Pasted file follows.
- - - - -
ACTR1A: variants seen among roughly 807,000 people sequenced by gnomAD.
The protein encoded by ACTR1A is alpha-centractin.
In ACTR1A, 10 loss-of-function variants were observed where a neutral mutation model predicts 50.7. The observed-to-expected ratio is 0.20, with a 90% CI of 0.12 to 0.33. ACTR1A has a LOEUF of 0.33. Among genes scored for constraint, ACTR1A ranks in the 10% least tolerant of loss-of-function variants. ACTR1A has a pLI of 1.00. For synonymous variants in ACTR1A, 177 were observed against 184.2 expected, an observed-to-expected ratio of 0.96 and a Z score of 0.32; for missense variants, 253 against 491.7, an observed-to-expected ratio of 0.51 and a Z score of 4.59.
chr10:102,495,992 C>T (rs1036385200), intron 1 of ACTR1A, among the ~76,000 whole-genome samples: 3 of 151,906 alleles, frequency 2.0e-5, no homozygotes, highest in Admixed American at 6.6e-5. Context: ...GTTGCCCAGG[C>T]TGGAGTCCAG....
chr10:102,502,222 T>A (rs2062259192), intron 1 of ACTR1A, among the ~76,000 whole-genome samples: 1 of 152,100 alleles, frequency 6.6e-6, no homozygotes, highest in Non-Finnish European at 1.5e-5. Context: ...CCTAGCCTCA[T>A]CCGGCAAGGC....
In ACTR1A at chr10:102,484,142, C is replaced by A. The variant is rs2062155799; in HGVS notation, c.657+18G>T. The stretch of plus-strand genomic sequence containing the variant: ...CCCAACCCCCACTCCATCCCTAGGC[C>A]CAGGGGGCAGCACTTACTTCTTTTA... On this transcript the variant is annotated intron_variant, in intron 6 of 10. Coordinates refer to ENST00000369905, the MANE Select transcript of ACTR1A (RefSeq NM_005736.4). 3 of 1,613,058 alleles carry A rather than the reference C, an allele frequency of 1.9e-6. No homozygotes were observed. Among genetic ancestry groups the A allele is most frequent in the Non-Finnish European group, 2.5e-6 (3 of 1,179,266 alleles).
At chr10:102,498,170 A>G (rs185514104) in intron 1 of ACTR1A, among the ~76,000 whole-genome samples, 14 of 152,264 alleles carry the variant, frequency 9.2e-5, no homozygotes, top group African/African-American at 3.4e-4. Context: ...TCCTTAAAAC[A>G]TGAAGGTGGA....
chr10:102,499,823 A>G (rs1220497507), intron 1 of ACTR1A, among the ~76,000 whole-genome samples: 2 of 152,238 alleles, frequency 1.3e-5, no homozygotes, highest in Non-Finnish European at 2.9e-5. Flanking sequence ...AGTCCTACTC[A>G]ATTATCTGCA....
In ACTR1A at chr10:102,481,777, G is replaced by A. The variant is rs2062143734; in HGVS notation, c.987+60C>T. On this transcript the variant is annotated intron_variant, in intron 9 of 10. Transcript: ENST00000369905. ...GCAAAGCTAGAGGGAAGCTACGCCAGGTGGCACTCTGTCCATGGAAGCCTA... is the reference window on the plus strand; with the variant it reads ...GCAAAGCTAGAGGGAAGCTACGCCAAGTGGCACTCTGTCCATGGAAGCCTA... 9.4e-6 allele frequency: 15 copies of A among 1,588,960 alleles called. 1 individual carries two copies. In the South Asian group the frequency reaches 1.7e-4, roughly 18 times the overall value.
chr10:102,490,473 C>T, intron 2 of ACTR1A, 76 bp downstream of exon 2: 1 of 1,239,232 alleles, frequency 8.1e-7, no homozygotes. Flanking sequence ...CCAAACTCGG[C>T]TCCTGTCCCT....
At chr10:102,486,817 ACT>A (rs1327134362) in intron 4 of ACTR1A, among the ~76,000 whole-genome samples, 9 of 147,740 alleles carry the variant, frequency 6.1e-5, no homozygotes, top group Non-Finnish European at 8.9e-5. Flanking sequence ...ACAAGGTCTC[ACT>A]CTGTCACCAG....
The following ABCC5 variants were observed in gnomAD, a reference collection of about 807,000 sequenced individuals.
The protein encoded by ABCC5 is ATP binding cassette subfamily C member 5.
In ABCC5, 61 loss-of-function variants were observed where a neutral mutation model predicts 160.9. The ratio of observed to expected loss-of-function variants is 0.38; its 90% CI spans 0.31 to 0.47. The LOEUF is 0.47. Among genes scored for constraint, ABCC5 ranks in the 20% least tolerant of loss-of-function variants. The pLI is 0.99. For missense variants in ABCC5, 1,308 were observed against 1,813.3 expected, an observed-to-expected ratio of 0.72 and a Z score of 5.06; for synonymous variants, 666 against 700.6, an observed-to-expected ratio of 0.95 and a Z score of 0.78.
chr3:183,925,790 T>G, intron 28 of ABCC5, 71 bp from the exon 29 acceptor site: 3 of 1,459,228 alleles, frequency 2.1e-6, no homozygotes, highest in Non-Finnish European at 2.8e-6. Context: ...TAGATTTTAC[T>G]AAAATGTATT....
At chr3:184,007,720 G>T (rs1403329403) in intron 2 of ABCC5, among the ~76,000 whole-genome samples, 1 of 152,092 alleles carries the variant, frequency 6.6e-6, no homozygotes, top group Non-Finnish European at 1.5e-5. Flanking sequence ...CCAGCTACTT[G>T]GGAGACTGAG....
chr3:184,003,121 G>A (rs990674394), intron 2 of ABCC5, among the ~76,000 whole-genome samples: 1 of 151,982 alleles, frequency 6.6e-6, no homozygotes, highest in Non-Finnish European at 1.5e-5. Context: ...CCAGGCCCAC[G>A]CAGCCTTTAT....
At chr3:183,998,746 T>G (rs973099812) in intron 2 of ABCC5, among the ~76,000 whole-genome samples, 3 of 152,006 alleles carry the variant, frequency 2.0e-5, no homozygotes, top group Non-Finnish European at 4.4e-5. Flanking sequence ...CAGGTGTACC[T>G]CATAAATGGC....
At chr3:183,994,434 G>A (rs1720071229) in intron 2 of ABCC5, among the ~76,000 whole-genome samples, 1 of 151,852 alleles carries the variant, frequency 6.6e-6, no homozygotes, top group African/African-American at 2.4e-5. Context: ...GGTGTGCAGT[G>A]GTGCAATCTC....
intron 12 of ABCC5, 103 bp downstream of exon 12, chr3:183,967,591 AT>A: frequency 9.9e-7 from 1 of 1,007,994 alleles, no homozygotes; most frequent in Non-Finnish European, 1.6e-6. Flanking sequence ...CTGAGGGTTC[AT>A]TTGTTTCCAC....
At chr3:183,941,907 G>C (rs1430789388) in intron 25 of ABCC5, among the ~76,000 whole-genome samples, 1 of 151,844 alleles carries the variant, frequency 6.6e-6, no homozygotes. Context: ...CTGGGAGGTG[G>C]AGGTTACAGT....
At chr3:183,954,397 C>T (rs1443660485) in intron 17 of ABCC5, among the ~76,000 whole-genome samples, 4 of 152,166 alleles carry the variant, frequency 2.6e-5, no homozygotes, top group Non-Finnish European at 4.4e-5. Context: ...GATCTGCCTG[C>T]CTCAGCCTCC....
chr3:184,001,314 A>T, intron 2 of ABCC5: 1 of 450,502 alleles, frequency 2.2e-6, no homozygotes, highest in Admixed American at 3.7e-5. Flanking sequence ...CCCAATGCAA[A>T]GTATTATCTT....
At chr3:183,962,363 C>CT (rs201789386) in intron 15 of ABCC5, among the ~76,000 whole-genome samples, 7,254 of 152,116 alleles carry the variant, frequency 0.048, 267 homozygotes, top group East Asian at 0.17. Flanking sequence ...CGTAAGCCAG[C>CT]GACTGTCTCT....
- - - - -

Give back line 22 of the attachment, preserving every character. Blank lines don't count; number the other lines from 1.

At chr3:183,954,397 C>T (rs1443660485) in intron 17 of ABCC5, among the ~76,000 whole-genome samples, 4 of 152,166 alleles carry the variant, frequency 2.6e-5, no homozygotes, top group Non-Finnish European at 4.4e-5. Context: ...GATCTGCCTG[C>T]CTCAGCCTCC....